Sophia Savage spoke with the filmmaker, who says the film "exposes the previously obscured and often indiscernible limits of access and voice that were imposed on a selected group of artists," and shows "how presumed restrictions to freedom of expression were triumphantly surmounted." As for whether the art world has -- by 2011 -- made any progress, she says: "Yes, but slowly. Much too slowly." Our interview is below:
THR describes the film as:
"Comprehensive and vibrant…a must for university arts archives and other artistic institutions. !Women Art Revolution smartly mixes the dynamics of the emerging feminist movement of the late '60s with the prevailing male chauvinism of the arts world at the time.”
On how the film has been received:
LHL: This film has had the very rare honor of being included in the official selections of Toronto, Sundance, Berlin, Human Rights Watch, S.F. International and several other major festivals. It has had sold out screenings with standing ovations at nearly every screening. I was heartened and amazed by the remarkable response, from both women and men, many of whom were moved to tears to discover this history and others who remembered when. There has been no prior platform to disclose the embedded issues.
Is there a fear surrounding women's art?
LHL: It is a complicated issue. Why does discrimination exist? Who benefits from it? What has been the historical trajectory of power and how does that affect how history is constructed? Who survives into legacy? In the 1960s, when the Feminist Art Movement emerged, it was fueled by the rhetoric and power of the Black Panther Movement. Female artists needed to become politicized in order to understand the nuanced complexities of gender, race, class and sexuality, and to make art that was uniquely their own. These artists made groundbreaking contributions and insisted on exposing inequality. The Guerilla Girls, became the conscience of the art world and held galleries and museums accountable for discrimination. Female artists, critics, and curators, struggled to re invent themselves and introduced the first concepts of social protest, collaboration and public art, which addressed directly the political imperatives of social justice and civil rights.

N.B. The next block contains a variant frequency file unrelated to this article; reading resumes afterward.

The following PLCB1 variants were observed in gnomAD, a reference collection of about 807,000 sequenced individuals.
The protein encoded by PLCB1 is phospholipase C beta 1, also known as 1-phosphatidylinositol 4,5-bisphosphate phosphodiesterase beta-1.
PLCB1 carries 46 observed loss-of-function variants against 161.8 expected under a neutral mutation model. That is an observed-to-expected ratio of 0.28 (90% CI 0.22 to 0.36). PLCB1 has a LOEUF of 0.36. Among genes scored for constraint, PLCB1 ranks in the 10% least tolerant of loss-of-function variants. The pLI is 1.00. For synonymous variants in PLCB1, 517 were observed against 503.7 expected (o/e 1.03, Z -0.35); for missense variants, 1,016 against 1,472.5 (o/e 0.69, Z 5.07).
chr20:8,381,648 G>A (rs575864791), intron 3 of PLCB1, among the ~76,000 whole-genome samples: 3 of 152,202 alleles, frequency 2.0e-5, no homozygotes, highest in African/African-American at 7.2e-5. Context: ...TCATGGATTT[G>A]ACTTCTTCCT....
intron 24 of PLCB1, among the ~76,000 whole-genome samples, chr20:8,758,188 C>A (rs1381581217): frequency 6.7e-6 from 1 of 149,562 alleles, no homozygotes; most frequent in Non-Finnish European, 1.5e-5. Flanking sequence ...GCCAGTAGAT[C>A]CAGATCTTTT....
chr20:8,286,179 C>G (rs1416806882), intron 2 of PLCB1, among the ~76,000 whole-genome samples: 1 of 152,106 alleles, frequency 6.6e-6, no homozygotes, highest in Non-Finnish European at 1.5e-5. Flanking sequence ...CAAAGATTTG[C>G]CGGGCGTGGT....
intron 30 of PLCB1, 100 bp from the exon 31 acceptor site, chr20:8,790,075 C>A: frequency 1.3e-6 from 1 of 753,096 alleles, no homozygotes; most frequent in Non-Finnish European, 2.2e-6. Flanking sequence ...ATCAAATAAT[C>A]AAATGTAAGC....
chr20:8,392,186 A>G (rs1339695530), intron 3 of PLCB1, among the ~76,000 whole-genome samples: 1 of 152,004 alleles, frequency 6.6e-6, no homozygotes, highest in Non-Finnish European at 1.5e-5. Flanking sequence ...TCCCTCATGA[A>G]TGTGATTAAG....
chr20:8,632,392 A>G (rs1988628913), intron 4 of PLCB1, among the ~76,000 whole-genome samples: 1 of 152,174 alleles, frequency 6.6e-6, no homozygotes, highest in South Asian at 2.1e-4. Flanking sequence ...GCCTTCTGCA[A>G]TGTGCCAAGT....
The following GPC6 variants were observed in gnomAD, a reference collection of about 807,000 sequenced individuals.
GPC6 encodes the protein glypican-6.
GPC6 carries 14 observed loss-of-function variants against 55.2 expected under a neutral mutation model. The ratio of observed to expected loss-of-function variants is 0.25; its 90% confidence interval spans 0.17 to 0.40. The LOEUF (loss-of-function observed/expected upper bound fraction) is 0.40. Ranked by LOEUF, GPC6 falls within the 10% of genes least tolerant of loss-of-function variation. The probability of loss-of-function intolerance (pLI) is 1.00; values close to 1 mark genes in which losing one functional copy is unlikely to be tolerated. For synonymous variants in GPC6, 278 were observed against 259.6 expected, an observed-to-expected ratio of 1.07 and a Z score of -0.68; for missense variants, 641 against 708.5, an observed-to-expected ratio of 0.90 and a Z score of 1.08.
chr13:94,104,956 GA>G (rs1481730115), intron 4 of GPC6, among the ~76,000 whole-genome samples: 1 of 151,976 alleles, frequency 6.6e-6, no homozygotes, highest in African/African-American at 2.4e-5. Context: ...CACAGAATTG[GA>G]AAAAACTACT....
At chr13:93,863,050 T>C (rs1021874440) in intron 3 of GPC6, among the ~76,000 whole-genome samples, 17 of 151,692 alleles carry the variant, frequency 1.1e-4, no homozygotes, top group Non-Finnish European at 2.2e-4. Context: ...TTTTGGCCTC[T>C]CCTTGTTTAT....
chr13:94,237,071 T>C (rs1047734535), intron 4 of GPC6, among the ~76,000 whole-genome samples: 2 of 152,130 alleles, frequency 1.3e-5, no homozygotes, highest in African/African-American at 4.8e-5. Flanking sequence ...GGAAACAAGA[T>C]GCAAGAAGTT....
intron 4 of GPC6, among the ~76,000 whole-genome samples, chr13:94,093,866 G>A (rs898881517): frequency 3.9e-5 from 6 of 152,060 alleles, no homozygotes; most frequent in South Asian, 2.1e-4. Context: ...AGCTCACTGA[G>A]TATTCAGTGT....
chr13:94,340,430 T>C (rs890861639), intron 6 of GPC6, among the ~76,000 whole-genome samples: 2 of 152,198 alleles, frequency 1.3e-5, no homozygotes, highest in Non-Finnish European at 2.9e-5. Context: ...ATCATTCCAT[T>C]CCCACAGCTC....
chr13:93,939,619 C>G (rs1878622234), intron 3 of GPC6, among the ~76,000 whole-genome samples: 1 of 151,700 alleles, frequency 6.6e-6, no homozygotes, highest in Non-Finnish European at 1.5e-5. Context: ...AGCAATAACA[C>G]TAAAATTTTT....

On where the art world stands in 2011:
LHL: There is a growing community of enlightened philanthropists, many of whom are female, who are insisting on change. It is a mandate essential for their support. This is evidenced in the number of women being hired as curators, and the growing insertion of important women artists to collections and a correction to the policies of omission that formerly dominated selection processes. It is rather thrilling to see this happen in such a cohesive, proactive and concrete way…[However] There are many examples of subtle resistance which is reflected in how and where work is seen, who is exhibited, how work is reviewed, collected, or placed and what future creative opportunities are available. Having a strong, original voice can be personally exhilarating but often treacherous in its' uniqueness when it does not fit into a pre existing expectation.
On the meaning of 'feminism' today:
LHL: Of course I think it has positive connotations for intelligent women and men. But there is still an existing fear of the word itself, as well as miscommunicated baggage of what it represents. This needs revision. Feminism is about cultural values and equality. The young women I am in contact with are grateful to learn about this history. They devour the information. It is, after all, their legacy.
On the need for sources of history, such as this film:
LHL: Women have been, very often, the out takes of history, so very little information exists. This is why I wanted to make a film that had NO out takes and worked with Stanford University to put the entire footage that was shot, along with the transcriptions and information about the artists online. It is an extended history that expands the narrative. The partnership with Stanford University Libraries (SULAIR) houses the !Women Art Revolution Collection in a publicly accessible online archive for study and research. The retrievability of this information subverts traditional notions of filmmaking. In the 60's, women used slides sent around the country as a kind of underground railway. Now, we have the internet. I think the next generation has access to very exciting technologies that will extend even more the reach into new communities.
We invented RAW/WAR* as an extension of the film into the future. It is an interactive, community-curated media archive and an accompanying installation that provides a forum for users to collaboratively contribute to the history. The site is a democratic community space where users can post links to images and video. RAW/WAR opens up this dialogue to a global audience, using geotags to connect histories worldwide.
*RAWWAR is a collaboration between Lynn Hershman Leeson, Alexandra Chowaniec, Brian Chrils, Gian Pablo Villamil, Paul Paradiso and Stacey Duda.
What's the message you want to send with this film?
LHL: As Marcia Tucker reminds us,"humor is the single most important weapon we have!" I think audiences will be inspired by the courage, sense of humor and tenaciousness of the artists who courageously and constantly reinvented themselves and in doing so dynamically revised existing exclusionary policies of their culture.
!WOMEN ART REVOLUTION SCREENINGS
June 1-7: IFC Center, New York, NY
June 10: The Screen at Studio 2, Santa Fe, NM
June 15-19: Museum of Fine Arts, Boston, MA
June 17-23: Laemmle’s Music Hall 3, Los Angeles, CA
June 17-23: Northwest Film Forum, Seattle, WA
June 23-26: Oklahoma City Museum of Art, Oklahoma City, OK
June 24-30: Denver Film Society, Denver, CO
June 24-27: Northwest Film Center, Portland, OR
July 1: Real Art Ways, Hartford, CT
October 5: International House of Philadelphia, Philadelphia, PA